Reviewing the emergence of neuroethics, historian Fernando Vidal argues that the subdiscipline’s claim of autonomy and specificity from the traditional field of bioethics was established and maintained through its practitioners’ deeply held belief that the neurosciences are exceptional, in the sense that their unparalleled access to the mind through its neurobiological underpinnings necessitates a unique class of ethics. For Vidal, conviction captures how neuroethics justifies its purpose in, and relationship to, the brain sciences and society, through the belief that the neurosciences will dramatically illuminate and improve upon human life in ways never seen before. In Vidal’s words, neuroethics “has been justified by the conviction, sustained since the 1990s by the capability attributed to neuroimaging technologies, that somehow ‘the mind is the brain.’29 In a related manner, I observe how conviction creates, facilitates, and expends belief in this construct, the violent brain, and in turn how neuroscientists operationalize these new knowledges to help manage the uncertainty, complexity, and controversy that the program continues to face. The use of the term “conviction” here captures the ontological commitment to the doctrine that the “mind is the brain,” as well as the ongoing and coproduced nature of the research—that is, the tension between demonstrating scientific authority and exceptionalism on the one hand, and social and ethical purpose and potential on the other.30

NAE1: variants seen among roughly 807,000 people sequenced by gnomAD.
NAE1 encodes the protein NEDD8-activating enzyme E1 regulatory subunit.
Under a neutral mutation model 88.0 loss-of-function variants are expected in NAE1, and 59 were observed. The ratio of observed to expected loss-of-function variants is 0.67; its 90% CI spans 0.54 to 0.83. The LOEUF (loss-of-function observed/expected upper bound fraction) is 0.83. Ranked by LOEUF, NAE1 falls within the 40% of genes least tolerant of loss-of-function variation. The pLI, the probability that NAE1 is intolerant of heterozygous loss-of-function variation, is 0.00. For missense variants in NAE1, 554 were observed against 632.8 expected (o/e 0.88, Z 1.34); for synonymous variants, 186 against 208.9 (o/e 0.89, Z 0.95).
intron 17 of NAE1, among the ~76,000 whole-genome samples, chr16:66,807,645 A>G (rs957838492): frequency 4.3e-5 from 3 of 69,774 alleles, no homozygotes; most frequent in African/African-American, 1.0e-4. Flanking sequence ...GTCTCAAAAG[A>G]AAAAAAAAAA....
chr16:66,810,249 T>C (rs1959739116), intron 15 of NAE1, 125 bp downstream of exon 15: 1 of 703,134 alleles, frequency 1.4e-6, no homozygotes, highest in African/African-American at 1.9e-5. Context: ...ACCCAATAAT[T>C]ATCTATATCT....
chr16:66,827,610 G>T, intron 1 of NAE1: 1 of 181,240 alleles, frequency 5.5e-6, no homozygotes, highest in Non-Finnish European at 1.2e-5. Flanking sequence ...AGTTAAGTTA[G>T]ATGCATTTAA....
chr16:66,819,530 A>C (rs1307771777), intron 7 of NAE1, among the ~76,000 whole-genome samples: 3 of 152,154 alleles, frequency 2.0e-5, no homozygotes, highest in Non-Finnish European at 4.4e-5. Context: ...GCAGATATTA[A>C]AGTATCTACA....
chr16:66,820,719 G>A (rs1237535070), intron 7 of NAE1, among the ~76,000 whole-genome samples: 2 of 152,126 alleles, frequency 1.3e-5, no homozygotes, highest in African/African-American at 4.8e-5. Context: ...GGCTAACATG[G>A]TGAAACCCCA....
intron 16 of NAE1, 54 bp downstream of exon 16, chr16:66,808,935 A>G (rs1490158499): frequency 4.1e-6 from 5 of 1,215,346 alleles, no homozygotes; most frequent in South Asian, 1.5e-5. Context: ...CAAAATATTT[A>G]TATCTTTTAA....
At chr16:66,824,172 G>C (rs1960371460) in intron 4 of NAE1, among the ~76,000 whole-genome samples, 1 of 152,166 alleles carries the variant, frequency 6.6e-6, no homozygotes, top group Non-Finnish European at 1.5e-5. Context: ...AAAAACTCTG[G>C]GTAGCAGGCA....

Conviction traces the emergence of the neuroscience of violence and shows how neuroscientists navigate ongoing social and ethical concerns about the research program. This examination is based on an extensive qualitative content analysis of more than 300 peer-reviewed research articles and reviews on neuroimaging research on violence (circa 1990–2018). These data were further informed by interviews with 15 neuroscientists who focus on the study of violence. I also employed participant observation at neuroscience conferences/workshops and enrolled in academic coursework and training covering such topics as social neuroscience, neuroethics, and neuroimaging research design and statistics. Collectively, this structured multimodal methodology illuminated the way the science is produced, contested, and rationalized. The “conditions of possibilities” surrounding the making of the neuroscience of violence paint an interesting sociological picture. The adoption of advanced scientific technologies and the remaking of the program’s theoretical warrant operate as intricate sites of (re)production and legitimation that help make, explain, and substantiate the (continued) need, at least in the eyes of the producers of this knowledge, for neuroscientific research on violence. However, such contemporary shifts in the research program also affect the types of “cerebral subjects” that neuroscientists are expected to discover, the kinds of behaviors identified and fixed for inspection, and, as we will see, surveillance, via neuroscientific explanation. This, of course, requires further inquiry, to understand the threat or potential that these new neurobiological knowledges of violence pose for society. That is, why should we pay attention to, and be cautious of, this relatively select area of neuroscience in the first place? Below, I attempt to answer this question by focusing on the way the newest rendition of the biology of violence has embraced the “social” as an imperative element of neuroscientific knowledge and analysis. My interest, however, is not to debate whether neuroscientists truly believe that violence is a social, partly social, or biosocial behavior. Instead, I want to illuminate the work of the “social” or “biosocial” episteme in the ongoing debate about biology and violence. Specifically, how does this (messy) reading of the social brain take shape and become further refined and remade into a seemingly universal and bioethical response to controversy, and an ostensibly apolitical means to demonstrate and justify the social value and worth of brain knowledges of violence in society?